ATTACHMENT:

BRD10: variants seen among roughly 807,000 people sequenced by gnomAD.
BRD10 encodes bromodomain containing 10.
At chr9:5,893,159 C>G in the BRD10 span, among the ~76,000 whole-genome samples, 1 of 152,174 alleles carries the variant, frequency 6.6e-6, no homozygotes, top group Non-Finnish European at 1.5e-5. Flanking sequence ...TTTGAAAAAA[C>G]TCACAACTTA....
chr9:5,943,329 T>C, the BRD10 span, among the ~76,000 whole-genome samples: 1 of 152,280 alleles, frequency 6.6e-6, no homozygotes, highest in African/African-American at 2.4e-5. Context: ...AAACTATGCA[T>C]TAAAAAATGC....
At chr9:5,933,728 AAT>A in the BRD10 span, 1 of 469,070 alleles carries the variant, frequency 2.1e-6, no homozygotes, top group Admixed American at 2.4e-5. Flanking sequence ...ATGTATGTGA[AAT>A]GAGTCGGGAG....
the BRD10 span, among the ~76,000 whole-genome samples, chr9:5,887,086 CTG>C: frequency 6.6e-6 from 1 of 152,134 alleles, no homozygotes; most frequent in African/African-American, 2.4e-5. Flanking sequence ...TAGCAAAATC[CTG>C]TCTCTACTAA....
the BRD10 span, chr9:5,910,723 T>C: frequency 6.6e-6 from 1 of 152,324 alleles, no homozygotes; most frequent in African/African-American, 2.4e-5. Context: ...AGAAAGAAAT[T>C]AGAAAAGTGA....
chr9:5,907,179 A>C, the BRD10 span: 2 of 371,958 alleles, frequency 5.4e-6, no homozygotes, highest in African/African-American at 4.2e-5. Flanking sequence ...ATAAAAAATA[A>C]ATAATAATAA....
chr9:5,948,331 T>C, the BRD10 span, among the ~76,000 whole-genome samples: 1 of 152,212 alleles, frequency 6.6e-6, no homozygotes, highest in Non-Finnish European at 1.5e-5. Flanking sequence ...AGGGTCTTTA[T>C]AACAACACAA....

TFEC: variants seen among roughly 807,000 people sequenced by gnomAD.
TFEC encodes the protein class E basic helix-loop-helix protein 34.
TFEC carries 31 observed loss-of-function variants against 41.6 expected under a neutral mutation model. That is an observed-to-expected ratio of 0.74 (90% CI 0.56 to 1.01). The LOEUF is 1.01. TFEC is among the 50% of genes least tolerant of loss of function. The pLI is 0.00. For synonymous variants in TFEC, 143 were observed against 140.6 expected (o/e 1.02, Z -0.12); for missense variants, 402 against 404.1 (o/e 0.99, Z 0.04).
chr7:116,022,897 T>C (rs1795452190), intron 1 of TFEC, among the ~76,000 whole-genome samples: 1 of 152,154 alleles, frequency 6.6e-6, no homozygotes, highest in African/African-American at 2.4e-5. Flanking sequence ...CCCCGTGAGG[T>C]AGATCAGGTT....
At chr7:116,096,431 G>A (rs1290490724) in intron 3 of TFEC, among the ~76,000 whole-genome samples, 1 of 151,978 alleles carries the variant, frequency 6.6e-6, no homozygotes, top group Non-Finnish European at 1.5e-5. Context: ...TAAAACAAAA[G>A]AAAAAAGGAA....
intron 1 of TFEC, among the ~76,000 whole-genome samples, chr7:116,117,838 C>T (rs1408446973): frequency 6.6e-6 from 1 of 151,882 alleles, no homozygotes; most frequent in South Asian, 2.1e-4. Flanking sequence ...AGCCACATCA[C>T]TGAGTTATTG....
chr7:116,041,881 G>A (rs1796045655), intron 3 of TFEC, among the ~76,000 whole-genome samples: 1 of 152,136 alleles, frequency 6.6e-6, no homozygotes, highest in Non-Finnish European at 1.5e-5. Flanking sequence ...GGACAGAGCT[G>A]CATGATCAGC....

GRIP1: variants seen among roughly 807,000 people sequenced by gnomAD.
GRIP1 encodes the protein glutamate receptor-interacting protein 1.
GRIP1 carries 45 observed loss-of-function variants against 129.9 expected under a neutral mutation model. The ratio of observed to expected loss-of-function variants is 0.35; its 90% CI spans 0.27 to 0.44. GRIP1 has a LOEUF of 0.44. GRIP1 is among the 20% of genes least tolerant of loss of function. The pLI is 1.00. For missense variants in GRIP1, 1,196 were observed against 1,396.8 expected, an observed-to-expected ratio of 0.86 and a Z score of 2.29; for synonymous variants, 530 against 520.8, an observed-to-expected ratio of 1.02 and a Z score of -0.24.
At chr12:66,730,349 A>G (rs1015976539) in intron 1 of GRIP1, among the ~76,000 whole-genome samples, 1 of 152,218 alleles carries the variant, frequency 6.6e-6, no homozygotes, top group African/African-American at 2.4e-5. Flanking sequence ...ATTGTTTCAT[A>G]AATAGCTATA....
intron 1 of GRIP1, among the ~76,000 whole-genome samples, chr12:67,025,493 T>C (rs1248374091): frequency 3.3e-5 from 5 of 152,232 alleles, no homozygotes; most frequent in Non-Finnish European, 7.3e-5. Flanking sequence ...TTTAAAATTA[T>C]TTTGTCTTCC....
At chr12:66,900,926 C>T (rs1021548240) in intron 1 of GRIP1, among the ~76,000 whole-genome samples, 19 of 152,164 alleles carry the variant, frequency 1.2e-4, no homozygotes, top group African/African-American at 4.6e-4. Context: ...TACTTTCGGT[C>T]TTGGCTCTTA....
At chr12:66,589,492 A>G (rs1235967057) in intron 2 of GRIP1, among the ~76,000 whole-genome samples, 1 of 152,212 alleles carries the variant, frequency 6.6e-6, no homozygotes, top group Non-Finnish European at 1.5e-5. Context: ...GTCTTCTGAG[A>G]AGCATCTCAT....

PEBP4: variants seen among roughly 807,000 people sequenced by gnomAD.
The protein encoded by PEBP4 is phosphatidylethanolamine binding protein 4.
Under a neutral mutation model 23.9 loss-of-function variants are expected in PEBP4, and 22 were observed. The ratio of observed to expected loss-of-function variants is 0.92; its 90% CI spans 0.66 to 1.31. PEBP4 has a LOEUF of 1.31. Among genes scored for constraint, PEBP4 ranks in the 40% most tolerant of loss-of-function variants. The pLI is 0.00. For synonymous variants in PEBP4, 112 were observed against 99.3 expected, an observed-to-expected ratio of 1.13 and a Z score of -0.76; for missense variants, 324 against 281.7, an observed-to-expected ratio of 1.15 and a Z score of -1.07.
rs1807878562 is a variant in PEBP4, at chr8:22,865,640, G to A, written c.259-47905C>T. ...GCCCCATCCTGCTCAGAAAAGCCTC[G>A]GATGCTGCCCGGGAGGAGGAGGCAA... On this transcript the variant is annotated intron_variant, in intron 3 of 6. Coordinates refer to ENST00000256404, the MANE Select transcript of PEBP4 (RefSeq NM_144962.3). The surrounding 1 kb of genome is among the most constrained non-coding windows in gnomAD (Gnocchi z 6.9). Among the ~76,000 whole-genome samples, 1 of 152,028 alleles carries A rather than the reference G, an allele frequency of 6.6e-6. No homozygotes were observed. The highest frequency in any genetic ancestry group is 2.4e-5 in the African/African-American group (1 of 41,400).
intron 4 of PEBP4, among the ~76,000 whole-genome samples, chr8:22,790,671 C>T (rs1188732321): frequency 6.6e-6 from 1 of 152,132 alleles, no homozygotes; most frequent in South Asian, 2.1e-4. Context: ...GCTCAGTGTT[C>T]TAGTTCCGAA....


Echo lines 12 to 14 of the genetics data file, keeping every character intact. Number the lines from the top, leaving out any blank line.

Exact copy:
TFEC carries 31 observed loss-of-function variants against 41.6 expected under a neutral mutation model. That is an observed-to-expected ratio of 0.74 (90% CI 0.56 to 1.01). The LOEUF is 1.01. TFEC is among the 50% of genes least tolerant of loss of function. The pLI is 0.00. For synonymous variants in TFEC, 143 were observed against 140.6 expected (o/e 1.02, Z -0.12); for missense variants, 402 against 404.1 (o/e 0.99, Z 0.04).
chr7:116,022,897 T>C (rs1795452190), intron 1 of TFEC, among the ~76,000 whole-genome samples: 1 of 152,154 alleles, frequency 6.6e-6, no homozygotes, highest in African/African-American at 2.4e-5. Flanking sequence ...CCCCGTGAGG[T>C]AGATCAGGTT....
At chr7:116,096,431 G>A (rs1290490724) in intron 3 of TFEC, among the ~76,000 whole-genome samples, 1 of 151,978 alleles carries the variant, frequency 6.6e-6, no homozygotes, top group Non-Finnish European at 1.5e-5. Context: ...TAAAACAAAA[G>A]AAAAAAGGAA....